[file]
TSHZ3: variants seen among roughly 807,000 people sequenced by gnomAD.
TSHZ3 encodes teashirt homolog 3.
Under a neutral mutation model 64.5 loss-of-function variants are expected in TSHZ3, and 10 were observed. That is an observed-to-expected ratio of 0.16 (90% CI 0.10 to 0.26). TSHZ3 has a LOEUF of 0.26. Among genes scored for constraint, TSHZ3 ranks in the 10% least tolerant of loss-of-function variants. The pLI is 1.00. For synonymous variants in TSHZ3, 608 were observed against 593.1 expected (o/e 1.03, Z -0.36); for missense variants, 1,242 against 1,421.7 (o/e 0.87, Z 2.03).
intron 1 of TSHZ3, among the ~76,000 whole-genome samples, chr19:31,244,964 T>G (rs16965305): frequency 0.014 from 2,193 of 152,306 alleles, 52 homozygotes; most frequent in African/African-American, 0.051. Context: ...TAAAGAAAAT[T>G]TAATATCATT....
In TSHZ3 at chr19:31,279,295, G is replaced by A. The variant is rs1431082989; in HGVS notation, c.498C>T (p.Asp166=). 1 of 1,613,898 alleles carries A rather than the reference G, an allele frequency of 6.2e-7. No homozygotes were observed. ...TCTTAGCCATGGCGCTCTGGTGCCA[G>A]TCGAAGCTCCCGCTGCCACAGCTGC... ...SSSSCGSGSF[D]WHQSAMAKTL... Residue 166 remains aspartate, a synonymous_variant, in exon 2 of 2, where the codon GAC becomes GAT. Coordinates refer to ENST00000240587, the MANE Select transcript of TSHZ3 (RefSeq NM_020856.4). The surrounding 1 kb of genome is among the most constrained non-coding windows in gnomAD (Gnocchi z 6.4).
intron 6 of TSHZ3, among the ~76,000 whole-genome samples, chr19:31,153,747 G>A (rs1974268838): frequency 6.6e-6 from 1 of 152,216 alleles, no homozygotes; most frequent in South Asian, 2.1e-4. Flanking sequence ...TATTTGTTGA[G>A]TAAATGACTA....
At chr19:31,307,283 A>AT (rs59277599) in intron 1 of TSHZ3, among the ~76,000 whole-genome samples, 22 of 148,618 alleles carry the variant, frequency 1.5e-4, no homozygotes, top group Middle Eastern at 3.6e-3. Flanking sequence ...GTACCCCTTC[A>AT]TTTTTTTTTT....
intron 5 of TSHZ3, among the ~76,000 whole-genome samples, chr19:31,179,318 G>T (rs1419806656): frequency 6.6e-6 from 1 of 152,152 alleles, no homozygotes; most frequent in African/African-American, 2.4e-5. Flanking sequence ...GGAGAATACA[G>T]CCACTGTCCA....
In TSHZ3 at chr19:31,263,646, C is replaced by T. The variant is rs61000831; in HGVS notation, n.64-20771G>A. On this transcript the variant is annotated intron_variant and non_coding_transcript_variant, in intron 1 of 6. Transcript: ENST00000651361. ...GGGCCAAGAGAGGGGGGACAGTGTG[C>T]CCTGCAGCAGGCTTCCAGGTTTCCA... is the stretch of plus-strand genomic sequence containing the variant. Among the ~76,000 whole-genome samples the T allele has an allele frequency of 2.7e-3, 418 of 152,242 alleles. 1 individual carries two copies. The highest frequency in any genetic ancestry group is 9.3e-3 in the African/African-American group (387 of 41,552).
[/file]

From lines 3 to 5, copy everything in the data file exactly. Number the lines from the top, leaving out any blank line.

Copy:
Under a neutral mutation model 64.5 loss-of-function variants are expected in TSHZ3, and 10 were observed. That is an observed-to-expected ratio of 0.16 (90% CI 0.10 to 0.26). TSHZ3 has a LOEUF of 0.26. Among genes scored for constraint, TSHZ3 ranks in the 10% least tolerant of loss-of-function variants. The pLI is 1.00. For synonymous variants in TSHZ3, 608 were observed against 593.1 expected (o/e 1.03, Z -0.36); for missense variants, 1,242 against 1,421.7 (o/e 0.87, Z 2.03).
intron 1 of TSHZ3, among the ~76,000 whole-genome samples, chr19:31,244,964 T>G (rs16965305): frequency 0.014 from 2,193 of 152,306 alleles, 52 homozygotes; most frequent in African/African-American, 0.051. Context: ...TAAAGAAAAT[T>G]TAATATCATT....
In TSHZ3 at chr19:31,279,295, G is replaced by A. The variant is rs1431082989; in HGVS notation, c.498C>T (p.Asp166=). 1 of 1,613,898 alleles carries A rather than the reference G, an allele frequency of 6.2e-7. No homozygotes were observed. ...TCTTAGCCATGGCGCTCTGGTGCCA[G>A]TCGAAGCTCCCGCTGCCACAGCTGC... ...SSSSCGSGSF[D]WHQSAMAKTL... Residue 166 remains aspartate, a synonymous_variant, in exon 2 of 2, where the codon GAC becomes GAT. Coordinates refer to ENST00000240587, the MANE Select transcript of TSHZ3 (RefSeq NM_020856.4). The surrounding 1 kb of genome is among the most constrained non-coding windows in gnomAD (Gnocchi z 6.4).